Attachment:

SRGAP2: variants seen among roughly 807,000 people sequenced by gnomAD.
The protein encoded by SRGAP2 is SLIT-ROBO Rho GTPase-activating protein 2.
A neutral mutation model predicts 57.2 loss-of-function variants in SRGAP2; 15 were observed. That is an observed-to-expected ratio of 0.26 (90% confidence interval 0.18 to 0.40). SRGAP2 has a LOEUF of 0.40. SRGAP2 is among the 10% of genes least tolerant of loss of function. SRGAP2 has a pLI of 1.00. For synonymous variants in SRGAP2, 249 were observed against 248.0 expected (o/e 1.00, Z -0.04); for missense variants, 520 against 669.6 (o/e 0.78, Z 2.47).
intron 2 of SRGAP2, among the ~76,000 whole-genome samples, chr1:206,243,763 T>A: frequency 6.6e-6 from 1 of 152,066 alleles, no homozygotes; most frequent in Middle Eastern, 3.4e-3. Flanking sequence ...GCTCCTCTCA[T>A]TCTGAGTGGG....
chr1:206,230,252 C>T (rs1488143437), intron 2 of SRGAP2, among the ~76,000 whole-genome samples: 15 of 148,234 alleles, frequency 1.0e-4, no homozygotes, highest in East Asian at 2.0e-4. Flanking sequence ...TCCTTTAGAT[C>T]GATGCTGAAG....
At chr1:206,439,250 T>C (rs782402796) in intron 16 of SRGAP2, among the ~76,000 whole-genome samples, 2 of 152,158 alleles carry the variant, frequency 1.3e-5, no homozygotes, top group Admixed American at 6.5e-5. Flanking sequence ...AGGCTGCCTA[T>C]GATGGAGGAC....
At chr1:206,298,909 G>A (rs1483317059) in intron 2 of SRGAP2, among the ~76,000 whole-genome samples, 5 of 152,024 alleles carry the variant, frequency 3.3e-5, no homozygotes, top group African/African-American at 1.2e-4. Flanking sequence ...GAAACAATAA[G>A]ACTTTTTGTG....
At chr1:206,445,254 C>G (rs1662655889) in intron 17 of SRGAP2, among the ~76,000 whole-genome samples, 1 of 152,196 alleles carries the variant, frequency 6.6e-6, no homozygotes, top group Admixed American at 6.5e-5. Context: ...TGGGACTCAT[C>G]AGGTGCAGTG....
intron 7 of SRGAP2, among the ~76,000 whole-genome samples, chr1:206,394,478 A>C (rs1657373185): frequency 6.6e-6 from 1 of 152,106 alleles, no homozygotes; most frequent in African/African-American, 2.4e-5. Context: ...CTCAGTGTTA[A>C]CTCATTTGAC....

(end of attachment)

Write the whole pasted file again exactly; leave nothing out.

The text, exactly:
SRGAP2: variants seen among roughly 807,000 people sequenced by gnomAD.
The protein encoded by SRGAP2 is SLIT-ROBO Rho GTPase-activating protein 2.
A neutral mutation model predicts 57.2 loss-of-function variants in SRGAP2; 15 were observed. That is an observed-to-expected ratio of 0.26 (90% confidence interval 0.18 to 0.40). SRGAP2 has a LOEUF of 0.40. SRGAP2 is among the 10% of genes least tolerant of loss of function. SRGAP2 has a pLI of 1.00. For synonymous variants in SRGAP2, 249 were observed against 248.0 expected (o/e 1.00, Z -0.04); for missense variants, 520 against 669.6 (o/e 0.78, Z 2.47).
intron 2 of SRGAP2, among the ~76,000 whole-genome samples, chr1:206,243,763 T>A: frequency 6.6e-6 from 1 of 152,066 alleles, no homozygotes; most frequent in Middle Eastern, 3.4e-3. Flanking sequence ...GCTCCTCTCA[T>A]TCTGAGTGGG....
chr1:206,230,252 C>T (rs1488143437), intron 2 of SRGAP2, among the ~76,000 whole-genome samples: 15 of 148,234 alleles, frequency 1.0e-4, no homozygotes, highest in East Asian at 2.0e-4. Flanking sequence ...TCCTTTAGAT[C>T]GATGCTGAAG....
At chr1:206,439,250 T>C (rs782402796) in intron 16 of SRGAP2, among the ~76,000 whole-genome samples, 2 of 152,158 alleles carry the variant, frequency 1.3e-5, no homozygotes, top group Admixed American at 6.5e-5. Flanking sequence ...AGGCTGCCTA[T>C]GATGGAGGAC....
At chr1:206,298,909 G>A (rs1483317059) in intron 2 of SRGAP2, among the ~76,000 whole-genome samples, 5 of 152,024 alleles carry the variant, frequency 3.3e-5, no homozygotes, top group African/African-American at 1.2e-4. Flanking sequence ...GAAACAATAA[G>A]ACTTTTTGTG....
At chr1:206,445,254 C>G (rs1662655889) in intron 17 of SRGAP2, among the ~76,000 whole-genome samples, 1 of 152,196 alleles carries the variant, frequency 6.6e-6, no homozygotes, top group Admixed American at 6.5e-5. Context: ...TGGGACTCAT[C>G]AGGTGCAGTG....
intron 7 of SRGAP2, among the ~76,000 whole-genome samples, chr1:206,394,478 A>C (rs1657373185): frequency 6.6e-6 from 1 of 152,106 alleles, no homozygotes; most frequent in African/African-American, 2.4e-5. Context: ...CTCAGTGTTA[A>C]CTCATTTGAC....